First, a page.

Connection map: Students begin by writing one of the vocabulary words on a large piece of white paper. Then they choose another word that they can connect to the first word and draw a line between the words. On the line they write or draw how the words are connected.

They continue with this exercise adding additional words and connecting them to any other word already on the paper until they’ve used all of their words.

Shared silly stories: Seat students in a circle and give them a list of all their vocabulary words stapled to a piece of paper. The first person starts writing a story and must include one vocabulary word  in their sentence and then marks out the vocabulary word from the list. Then the students all pass their papers to the person on the right.

The next person reads the sentence, then continues the story with their own sentence that uses a vocabulary word of their choice, and marks out the word. This continues until all the stories have used all the words.

Enlist help from other teachers: Share vocabulary words that you’re using in your content with other grade-level teachers who teach your students, and ask them if they can use the words in conversation with students and/or in class as applicable.

If they’re willing, give them a few words to use within a week, and tell your students to listen for their vocabulary words in other classes and see who hears them first. Students will remember the words when they feel out of context, and they might just listen better in all their classes trying to hear the words.

Concept map: For challenging words, have students create a concept map for the word to help them to consider everything they know about the word and how it can be used. This can include definition, synonyms, antonyms, visual representations, word origin, part of speech, the word used in a sentence, things the word is not, and anything else they think would be helpful for their peers to learn the word.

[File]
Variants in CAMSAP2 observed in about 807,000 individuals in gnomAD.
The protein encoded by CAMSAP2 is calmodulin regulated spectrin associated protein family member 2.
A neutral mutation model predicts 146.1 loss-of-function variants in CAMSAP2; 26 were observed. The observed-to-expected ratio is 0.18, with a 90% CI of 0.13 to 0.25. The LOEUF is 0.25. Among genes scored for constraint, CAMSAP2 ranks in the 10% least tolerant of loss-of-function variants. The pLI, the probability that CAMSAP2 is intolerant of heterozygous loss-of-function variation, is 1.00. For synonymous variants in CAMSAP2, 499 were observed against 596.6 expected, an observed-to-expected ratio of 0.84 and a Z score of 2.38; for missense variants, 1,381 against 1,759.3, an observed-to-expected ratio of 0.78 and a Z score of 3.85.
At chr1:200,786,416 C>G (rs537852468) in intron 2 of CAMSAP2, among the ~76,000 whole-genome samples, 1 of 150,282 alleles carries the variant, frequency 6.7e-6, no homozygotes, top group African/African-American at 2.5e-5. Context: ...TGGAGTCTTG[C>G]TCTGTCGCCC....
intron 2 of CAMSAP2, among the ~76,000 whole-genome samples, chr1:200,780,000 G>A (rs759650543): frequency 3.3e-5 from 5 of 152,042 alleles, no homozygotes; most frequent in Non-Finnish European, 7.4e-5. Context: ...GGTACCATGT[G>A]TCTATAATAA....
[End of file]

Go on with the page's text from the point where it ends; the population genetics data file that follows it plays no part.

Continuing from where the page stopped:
Charades: Students play a class game of charades to guess each word.

Vocabulary improv: Put students into groups and give each group a container filled with the words written on small pieces of paper or note cards. Students take turns pulling out words and incorporating them into an improv skit or conversation within their group.

Is and is not: For each word, students complete a fill-in-the-blank that gives the word and then fill in what the word is and is not, but they can’t use definitions, synonyms, or antonyms for the blanks. Instead of simply using words that can be googled or found in a dictionary, they must come up with creative concepts and ideas that describe what the word is and is not. 

These vocabulary practices are engaging for students and help them begin to own the words as part of their vocabulary. The more they think critically and creatively about the words, write them in context, and use the words with peers, the deeper their understanding of the words. This helps push them beyond simply memorizing a definition and into understanding the word and how it can express their ideas.

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  • Literacy
  • Teaching Strategies
  • English Language Arts
  • 6-8 Middle School